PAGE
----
For Writers Considering Self-Publishing: 8 Useful Posts

Writer publishing own e-bookBy Jennifer Roland

Since Carol’s getting ready to spill *all* of her e-book publishing mistakes, she thought you could get in the mood with this handy roundup of posts with e-book marketing tips for self-publishing writers — and writers who’re considering taking the plunge.

  1. Why Freelance Writers Should Consider Becoming Authors: “If you can write an article, you can write a book.” This guest post describes how Nina Amir made the transition from freelance writer to published author — and how it affected her business.
  2. Could Publishing an Ebook Get You Better Freelance Writing Work? In this guest post, Dana Sitar gives concrete examples of how you can position your books to grow your freelance writing career.
  3. Is This the Secret to Using eBooks to Grow Your Blogging Income? Carol takes a look at how Danny Iny has made $250K by giving his books away free. When you’re looking at your overall career, you might want to look at ways you can earn beyond just freelance writing. And books can really position you for success in speaking engagements, mentoring, training, and other income possibilities.
  4. Guy Kawasaki’s Radical Advice for Getting Your Book Published: Awesome advice from Guy Kawasaki on why you need to control the publishing process. He and Carol really dig into specifics you need to think about when making the decision whether you want to be traditionally published or self-published.
  5. 8 Important Questions to Ask Before You Publish Your Book: Once you’ve decided to write your book, you need a killer marketing plan. These questions will help you get the information you need to do that.
  6. My Best Book Marketing Tip for Creating Maximum Buzz: What can you do to set yourself apart in your market? Carol used LinkedIn messages to engage her network in marketing one of her books with a mass-mail technique that’s a bit controversial — be sure to check out the comments! Would this work with your LI network?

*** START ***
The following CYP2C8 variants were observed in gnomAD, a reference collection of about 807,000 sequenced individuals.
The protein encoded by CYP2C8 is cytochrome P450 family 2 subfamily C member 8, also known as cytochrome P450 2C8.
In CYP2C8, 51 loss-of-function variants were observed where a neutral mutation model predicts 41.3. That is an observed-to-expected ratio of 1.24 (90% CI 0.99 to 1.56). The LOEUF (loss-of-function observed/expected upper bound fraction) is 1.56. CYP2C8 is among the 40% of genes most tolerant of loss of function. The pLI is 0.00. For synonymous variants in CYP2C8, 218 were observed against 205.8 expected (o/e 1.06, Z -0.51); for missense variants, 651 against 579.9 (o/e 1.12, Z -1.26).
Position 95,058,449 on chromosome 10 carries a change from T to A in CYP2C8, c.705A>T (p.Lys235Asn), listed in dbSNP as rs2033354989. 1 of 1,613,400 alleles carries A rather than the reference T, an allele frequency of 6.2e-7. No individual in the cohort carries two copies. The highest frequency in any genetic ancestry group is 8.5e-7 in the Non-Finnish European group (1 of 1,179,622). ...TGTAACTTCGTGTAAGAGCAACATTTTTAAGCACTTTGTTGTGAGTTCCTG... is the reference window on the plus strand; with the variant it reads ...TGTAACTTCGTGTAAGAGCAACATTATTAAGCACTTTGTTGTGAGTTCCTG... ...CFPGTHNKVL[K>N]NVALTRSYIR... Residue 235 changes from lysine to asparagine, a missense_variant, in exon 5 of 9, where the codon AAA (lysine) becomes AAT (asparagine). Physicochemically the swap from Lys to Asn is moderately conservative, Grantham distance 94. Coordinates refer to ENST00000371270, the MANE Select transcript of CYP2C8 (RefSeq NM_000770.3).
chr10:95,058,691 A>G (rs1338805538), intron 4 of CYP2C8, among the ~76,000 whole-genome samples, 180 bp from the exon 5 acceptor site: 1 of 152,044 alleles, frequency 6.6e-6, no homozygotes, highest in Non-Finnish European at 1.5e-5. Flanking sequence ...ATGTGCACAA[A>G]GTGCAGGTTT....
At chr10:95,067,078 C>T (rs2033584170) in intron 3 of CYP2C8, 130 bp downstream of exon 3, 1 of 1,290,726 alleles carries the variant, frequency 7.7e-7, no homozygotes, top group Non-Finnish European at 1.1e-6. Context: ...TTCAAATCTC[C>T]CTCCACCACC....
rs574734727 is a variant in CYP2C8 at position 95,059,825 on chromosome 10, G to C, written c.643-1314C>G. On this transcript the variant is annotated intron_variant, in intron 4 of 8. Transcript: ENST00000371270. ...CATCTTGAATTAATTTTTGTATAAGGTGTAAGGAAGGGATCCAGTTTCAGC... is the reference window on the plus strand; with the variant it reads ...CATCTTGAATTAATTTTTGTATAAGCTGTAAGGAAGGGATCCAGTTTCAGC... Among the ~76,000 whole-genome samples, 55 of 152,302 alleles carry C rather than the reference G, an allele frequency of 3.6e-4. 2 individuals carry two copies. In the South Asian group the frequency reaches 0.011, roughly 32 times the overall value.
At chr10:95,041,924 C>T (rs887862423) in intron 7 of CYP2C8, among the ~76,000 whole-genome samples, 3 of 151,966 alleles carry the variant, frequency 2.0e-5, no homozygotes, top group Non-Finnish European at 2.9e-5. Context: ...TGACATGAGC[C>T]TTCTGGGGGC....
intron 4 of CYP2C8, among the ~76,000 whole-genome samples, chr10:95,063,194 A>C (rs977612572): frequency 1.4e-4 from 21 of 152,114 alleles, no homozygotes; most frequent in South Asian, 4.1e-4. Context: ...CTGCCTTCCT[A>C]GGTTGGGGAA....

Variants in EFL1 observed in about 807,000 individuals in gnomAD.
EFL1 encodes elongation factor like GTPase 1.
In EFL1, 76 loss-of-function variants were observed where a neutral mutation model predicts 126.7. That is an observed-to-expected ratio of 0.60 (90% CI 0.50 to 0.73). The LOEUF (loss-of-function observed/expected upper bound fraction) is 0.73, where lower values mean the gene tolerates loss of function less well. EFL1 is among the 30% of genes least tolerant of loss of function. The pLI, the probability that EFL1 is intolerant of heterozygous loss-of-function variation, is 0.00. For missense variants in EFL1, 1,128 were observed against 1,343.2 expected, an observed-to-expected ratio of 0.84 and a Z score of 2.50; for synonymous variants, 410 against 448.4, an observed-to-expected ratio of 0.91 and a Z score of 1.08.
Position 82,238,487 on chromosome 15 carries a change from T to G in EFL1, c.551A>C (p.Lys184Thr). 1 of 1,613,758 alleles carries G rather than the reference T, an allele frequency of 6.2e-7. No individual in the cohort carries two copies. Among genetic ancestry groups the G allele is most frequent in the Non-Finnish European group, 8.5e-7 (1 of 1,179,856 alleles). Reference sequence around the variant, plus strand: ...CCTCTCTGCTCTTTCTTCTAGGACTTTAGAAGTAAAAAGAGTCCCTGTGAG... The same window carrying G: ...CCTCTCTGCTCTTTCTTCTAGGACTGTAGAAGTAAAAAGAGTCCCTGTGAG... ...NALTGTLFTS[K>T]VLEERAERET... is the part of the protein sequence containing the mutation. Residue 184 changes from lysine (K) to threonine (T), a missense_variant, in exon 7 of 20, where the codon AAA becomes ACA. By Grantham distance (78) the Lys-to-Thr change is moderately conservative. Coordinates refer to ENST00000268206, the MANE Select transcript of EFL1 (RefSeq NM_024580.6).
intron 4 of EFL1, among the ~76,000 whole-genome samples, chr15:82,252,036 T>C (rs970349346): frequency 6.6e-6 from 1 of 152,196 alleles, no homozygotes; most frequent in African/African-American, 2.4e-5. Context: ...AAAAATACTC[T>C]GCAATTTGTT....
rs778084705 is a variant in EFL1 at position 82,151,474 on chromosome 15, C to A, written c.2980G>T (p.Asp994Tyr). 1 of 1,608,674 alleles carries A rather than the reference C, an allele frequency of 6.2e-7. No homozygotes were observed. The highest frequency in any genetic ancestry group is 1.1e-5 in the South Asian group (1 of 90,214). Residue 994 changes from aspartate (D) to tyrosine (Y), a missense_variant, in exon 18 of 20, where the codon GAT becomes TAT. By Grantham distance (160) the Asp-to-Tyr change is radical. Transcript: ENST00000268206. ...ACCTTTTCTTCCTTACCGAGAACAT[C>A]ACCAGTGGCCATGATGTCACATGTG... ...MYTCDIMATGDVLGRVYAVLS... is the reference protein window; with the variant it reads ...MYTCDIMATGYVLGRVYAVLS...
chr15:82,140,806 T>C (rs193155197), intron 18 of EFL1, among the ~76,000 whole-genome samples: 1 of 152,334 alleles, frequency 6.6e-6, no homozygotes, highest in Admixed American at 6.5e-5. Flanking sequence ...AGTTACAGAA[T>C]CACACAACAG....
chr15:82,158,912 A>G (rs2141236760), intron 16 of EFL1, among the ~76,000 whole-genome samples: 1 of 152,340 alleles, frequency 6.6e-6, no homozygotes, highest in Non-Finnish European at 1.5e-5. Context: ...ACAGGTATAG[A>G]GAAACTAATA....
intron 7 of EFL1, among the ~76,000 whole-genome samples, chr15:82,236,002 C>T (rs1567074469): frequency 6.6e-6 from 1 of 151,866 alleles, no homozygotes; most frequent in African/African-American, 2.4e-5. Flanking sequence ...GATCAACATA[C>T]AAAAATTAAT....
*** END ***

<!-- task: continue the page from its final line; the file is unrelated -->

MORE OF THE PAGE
7. What You Can Learn from One Writer’s Unlikely NY Times Bestsellers: Want to know how to drive platform and publicity? Take a lesson from a NYT bestselling writer and do something fun and unconventional. Something that fits your personality.
  8. Are Preview Readers’ E-Book Reviews a Fraud? Reviews, especially on Amazon, are critical for driving sales. But some people have written fake reviews, paid people for reviews, and done other shady things that have tainted the market. Carol gives advice for doing your reviews right — so they can be effective sales tools.

Got questions about self-publishing? Leave them in the comments.

Jennifer Roland is a freelance writer and the guest-blog editor here at Make a Living Writing. She focuses on edtech, lifestyle topics, marketing and public relations, and content creation. Her latest book, 10 Takes on Writing, will be out in late 2014.

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11 comments on “For Writers Considering Self-Publishing: 8 Useful Posts
  1. Sarah says:

    Great resource links for self-publishing. I’m just getting started with my blog and trying to learn as much as possible. This information is a big help!
    Sarah recently posted…Want a Career as a Freelance Writer? Investigative Journalist and New York Times Best Selling Author, Mark Ebner, Explains HowMy Profile

  2. Thanks for this information. I have been putting off writing an ebook. It seems like such a big project that I have talked myself out of trying it.

    But I will make it a goal to write an ebook before the end of the year.